As Calcifer snapped his fingers, causing demonic flames to gently lick each of the coffee beans behind the counter until they were perfectly dry-roasted and ready to be ground, he wondered if he was being used. No, he decided. He was an immortal devil, tasked with the corruption and degradation of humanity itself. There’s no way that mortals could be pulling a fast one on him.
Meanwhile, as the barista headed back to the counter, she was also weighing the benefits of keeping the coffee shop devil around. He did keep the machines in perfect running order, and saved them from burning the coffee. That was worth the occasional hassle of playing along with his little squabbles.
Halfway back to his booth, Calcifer paused, glancing up at the ceiling. “Wait, squabbles?” he asked suspiciously.
He heard no response about his very important cosmic battles with the angels, however, so he returned to his booth without further incident.

Calcifer’s Intrusion, Part I

Calcifer scowled, hunching over his cup of dark roast coffee (grounds in the cup) as he glared at the intruder. This was his coffee shop! He had staked his claim, and some, some angelhad no right mucking up the place!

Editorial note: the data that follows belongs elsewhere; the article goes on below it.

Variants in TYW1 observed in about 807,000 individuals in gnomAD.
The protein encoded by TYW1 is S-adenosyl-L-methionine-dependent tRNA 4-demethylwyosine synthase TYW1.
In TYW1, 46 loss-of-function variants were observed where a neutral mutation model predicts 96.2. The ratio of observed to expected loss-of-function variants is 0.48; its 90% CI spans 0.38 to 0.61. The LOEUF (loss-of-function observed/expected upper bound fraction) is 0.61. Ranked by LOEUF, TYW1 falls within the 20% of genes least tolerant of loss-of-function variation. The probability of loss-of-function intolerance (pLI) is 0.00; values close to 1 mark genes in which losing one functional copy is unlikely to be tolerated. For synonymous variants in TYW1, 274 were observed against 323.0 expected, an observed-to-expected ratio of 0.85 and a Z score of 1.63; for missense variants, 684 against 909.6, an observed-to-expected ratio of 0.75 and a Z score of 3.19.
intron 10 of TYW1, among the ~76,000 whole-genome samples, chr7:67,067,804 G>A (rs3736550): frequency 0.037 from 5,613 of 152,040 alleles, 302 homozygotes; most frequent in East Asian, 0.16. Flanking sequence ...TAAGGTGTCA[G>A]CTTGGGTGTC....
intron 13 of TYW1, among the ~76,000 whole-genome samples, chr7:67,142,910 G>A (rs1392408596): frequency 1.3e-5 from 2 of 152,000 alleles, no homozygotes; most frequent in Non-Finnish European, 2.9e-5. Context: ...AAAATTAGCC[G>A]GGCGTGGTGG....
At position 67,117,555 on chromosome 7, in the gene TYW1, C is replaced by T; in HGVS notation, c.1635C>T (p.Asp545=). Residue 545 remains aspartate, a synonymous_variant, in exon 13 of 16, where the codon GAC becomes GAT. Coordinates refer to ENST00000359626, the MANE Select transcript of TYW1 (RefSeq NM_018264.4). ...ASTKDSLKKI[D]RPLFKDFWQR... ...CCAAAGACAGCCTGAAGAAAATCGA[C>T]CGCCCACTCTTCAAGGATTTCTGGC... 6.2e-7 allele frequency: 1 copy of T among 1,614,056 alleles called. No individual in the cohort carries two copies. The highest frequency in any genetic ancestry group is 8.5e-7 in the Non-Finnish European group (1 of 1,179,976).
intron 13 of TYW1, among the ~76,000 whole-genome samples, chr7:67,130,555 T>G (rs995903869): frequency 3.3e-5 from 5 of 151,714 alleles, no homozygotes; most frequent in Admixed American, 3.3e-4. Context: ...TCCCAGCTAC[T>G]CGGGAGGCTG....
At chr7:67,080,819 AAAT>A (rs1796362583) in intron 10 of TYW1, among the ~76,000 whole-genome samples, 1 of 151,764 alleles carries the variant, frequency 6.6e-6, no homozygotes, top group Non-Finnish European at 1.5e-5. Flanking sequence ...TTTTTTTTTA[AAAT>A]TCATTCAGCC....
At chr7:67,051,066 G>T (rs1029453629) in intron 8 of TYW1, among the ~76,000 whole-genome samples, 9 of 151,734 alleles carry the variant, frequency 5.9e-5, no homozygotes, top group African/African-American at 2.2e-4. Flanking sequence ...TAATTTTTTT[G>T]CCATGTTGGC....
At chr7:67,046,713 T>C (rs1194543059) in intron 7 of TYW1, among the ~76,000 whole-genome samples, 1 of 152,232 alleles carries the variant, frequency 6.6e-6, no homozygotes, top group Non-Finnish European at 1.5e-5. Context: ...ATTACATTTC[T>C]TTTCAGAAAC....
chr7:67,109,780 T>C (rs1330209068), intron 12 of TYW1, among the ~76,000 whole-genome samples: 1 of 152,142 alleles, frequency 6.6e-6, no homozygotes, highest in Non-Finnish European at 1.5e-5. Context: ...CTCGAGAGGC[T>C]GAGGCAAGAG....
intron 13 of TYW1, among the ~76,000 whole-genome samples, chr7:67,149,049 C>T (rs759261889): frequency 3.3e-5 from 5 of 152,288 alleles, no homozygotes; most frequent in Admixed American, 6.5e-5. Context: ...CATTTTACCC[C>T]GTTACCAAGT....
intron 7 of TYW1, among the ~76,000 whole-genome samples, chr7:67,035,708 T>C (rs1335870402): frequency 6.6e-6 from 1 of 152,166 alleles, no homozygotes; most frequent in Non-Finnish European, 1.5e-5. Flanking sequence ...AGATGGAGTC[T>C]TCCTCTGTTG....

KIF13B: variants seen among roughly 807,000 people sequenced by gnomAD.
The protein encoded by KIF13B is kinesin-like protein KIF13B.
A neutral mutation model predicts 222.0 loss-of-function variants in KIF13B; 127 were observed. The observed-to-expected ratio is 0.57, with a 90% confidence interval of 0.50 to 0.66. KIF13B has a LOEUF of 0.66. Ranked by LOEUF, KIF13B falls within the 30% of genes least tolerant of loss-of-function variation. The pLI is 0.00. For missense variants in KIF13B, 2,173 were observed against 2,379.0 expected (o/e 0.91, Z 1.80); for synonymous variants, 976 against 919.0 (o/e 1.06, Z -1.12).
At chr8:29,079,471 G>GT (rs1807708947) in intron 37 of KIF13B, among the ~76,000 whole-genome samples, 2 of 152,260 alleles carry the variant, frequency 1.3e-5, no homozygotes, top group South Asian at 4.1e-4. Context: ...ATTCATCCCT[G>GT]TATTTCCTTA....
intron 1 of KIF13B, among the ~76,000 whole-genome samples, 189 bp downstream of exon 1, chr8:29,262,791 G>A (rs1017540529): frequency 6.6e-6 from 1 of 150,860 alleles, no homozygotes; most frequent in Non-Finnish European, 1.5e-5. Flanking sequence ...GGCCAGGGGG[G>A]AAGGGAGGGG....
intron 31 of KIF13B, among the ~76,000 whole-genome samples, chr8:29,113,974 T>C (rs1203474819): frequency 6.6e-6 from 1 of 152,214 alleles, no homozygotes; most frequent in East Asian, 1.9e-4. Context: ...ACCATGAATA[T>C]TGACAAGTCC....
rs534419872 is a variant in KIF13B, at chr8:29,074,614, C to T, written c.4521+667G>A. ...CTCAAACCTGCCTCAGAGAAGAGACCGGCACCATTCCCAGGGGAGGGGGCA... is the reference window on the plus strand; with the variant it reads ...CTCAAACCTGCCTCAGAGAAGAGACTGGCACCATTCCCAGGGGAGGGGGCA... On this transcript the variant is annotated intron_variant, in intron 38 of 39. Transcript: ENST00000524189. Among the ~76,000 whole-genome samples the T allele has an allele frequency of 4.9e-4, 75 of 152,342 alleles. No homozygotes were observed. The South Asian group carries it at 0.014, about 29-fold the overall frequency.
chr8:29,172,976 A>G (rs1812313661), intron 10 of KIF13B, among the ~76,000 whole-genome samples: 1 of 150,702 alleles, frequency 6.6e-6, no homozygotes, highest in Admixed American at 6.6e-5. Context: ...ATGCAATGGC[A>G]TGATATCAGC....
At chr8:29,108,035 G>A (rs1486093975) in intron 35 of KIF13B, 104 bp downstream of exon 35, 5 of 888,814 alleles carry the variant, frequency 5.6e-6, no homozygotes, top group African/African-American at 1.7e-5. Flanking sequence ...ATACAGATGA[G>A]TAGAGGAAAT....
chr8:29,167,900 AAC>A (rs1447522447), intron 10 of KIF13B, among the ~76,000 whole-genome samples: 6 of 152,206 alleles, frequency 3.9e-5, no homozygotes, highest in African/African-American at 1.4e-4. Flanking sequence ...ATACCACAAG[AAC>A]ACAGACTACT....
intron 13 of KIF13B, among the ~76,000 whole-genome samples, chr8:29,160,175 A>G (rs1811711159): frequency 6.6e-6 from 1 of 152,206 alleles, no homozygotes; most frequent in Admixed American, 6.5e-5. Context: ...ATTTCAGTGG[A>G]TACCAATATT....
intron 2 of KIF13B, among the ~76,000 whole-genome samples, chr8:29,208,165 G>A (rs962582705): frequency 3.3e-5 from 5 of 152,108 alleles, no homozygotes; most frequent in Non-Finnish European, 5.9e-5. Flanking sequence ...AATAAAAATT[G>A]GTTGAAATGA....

At his small, round table at the front of the shop, Azrael had not noticed the angry stare being aimed at the back of his head. After ordering his usual drink (soy latte with hazelnut), he had removed his Macbook from his book bag and set it open on his table, looking forward to continuing on his novel. Despite being assigned to watch and safeguard humanity for the past several thousand years, he was still having a nasty issue with the plot twist on page 79.
For several minutes, Calcifer watched his enemy type, his cup of coffee starting to boil from the heat of his palms. Several times, he felt the urge to simply start throwing fireballs. However, Calcifer prided himself on having learned from his time spent among the humans. Forcing his fingers to unclench, he took several deep breaths before rising to his feet.
Azrael continued to type, pausing only to push back his scarf every now and then as it slowly slid forward to cover the keys. The plot twist was still giving him trouble, he had to admit, but he had managed to work in some excellent character exposition. After a while, however, he realized that he could feel a second pair of eyes, reading over his shoulder.
As he spun around in his chair, Azrael wasn’t sure whether to chastise (“How dare you read my work! It isn’t finished yet!”) or to ask for opinions (“Do you think I’ve properly captured the introspective mood?”). When he laid eyes on his observer, however, the question died in his throat. He was definitely chastising.
What do you think you’re doing here?” he hissed at the smirking demon who had been squatting behind him.
Calcifer met his angry gaze. “Me? This is my coffee shop. You’re the one who doesn’t belong.”
Azrael sniffed loudly to show his derision. “Yourcoffee shop? As one destined to spread the word of God, I believe that such a bohemian abode is clearly my domain.”